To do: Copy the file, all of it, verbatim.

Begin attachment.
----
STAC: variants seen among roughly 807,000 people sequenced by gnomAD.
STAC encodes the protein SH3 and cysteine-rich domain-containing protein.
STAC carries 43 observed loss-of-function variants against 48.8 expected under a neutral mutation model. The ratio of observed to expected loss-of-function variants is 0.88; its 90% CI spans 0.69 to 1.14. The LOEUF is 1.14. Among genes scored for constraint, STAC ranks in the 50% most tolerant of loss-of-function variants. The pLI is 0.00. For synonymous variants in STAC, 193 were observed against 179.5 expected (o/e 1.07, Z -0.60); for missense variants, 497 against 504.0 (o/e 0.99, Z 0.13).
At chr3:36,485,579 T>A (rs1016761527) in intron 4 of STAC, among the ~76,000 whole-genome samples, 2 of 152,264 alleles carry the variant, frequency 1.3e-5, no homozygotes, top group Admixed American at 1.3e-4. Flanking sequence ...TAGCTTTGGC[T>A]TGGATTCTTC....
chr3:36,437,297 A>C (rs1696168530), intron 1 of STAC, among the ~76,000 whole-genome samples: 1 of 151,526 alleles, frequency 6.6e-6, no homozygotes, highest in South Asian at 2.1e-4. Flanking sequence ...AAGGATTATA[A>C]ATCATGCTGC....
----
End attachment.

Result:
STAC: variants seen among roughly 807,000 people sequenced by gnomAD.
STAC encodes the protein SH3 and cysteine-rich domain-containing protein.
STAC carries 43 observed loss-of-function variants against 48.8 expected under a neutral mutation model. The ratio of observed to expected loss-of-function variants is 0.88; its 90% CI spans 0.69 to 1.14. The LOEUF is 1.14. Among genes scored for constraint, STAC ranks in the 50% most tolerant of loss-of-function variants. The pLI is 0.00. For synonymous variants in STAC, 193 were observed against 179.5 expected (o/e 1.07, Z -0.60); for missense variants, 497 against 504.0 (o/e 0.99, Z 0.13).
At chr3:36,485,579 T>A (rs1016761527) in intron 4 of STAC, among the ~76,000 whole-genome samples, 2 of 152,264 alleles carry the variant, frequency 1.3e-5, no homozygotes, top group Admixed American at 1.3e-4. Flanking sequence ...TAGCTTTGGC[T>A]TGGATTCTTC....
chr3:36,437,297 A>C (rs1696168530), intron 1 of STAC, among the ~76,000 whole-genome samples: 1 of 151,526 alleles, frequency 6.6e-6, no homozygotes, highest in South Asian at 2.1e-4. Flanking sequence ...AAGGATTATA[A>C]ATCATGCTGC....